Later On

A blog written for those whose interests more or less match mine.

Gender inequality on the Supreme Court

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Jason Kottke has an interesting post:

Tonja Jacobi and Dylan Schweers have published the results of a study they’ve done related to the role of gender in the workings of the Supreme Court. They found that female justices are interrupted much more often by male justices and advocates than male justices are.

Our empirical study examines interruptions among justices, and between the justices and the advocates, during Supreme Court oral arguments. It shows that women still do not have an equal opportunity to be heard on the highest court in the land. In fact, as more women join the court, the reaction of the male justices and the male advocates has been to increase their interruptions of the female justices.

Even in the most powerful courtroom in the world, the women are being verbally dominated.

Even without adjusting for the low representation of women, the effect is stark. On average, women constituted 22 percent of the court, yet 52 percent of interruptions were directed at them. Overwhelmingly, it was men doing the interrupting: Women interrupted only 15 percent of the time and men interrupted 85 percent of the time, more than their 78 percent representation on the court.

Their study shows that seniority can’t explain this effect — “gender is approximately 30 times more influential than seniority” — but some of it can be explained in terms of political ideology: conservative justices interrupt more than liberal justices do.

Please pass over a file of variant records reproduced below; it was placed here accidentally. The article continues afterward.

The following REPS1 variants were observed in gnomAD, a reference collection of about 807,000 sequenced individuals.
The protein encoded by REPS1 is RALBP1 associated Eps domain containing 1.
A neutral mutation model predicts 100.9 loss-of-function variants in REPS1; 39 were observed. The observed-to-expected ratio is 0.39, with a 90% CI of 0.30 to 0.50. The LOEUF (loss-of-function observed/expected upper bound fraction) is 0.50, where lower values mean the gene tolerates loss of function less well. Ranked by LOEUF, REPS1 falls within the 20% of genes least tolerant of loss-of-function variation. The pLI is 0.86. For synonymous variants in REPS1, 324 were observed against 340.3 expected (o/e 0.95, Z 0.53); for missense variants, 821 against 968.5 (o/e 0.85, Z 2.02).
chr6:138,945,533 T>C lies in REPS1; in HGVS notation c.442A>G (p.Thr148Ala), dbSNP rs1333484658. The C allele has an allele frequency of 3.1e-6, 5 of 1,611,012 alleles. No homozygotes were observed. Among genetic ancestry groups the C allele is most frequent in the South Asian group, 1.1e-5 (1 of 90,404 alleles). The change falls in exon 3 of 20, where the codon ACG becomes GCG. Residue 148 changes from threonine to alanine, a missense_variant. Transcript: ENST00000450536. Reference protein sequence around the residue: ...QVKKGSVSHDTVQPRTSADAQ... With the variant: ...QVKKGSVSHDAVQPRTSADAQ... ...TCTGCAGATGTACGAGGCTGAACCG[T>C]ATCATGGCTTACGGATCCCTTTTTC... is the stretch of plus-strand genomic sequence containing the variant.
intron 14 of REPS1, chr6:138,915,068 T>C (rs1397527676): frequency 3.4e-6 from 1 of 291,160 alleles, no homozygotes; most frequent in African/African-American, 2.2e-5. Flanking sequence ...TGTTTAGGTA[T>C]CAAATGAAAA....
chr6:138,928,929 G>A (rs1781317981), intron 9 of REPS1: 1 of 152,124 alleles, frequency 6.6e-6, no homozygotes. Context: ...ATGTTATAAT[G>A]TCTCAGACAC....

We found that the power dynamic does not only affect women: In a court that has been dominated by Republican appointees for over half a century, conservative justices have also dominated liberal justices by interrupting them. We expected cross-ideological interruptions to occur more often than interruptions within ideological camps, and this is true: 62 percent of interruptions cross ideological lines, compared to 38 percent within an ideological camp. However, the effect does not go in both directions: 70 percent of interruptions were of liberals, and only 30 percent of conservatives. Once again, advocates display the same tendency. Advocates interrupting the liberal justices account for over ten percent of interruptions, yet advocate interruptions of the conservative justices account for less than three percent of interruptions. . .

Continue reading.

Written by LeisureGuy

7 April 2017 at 11:24 am

Posted in Daily life, Government, Law

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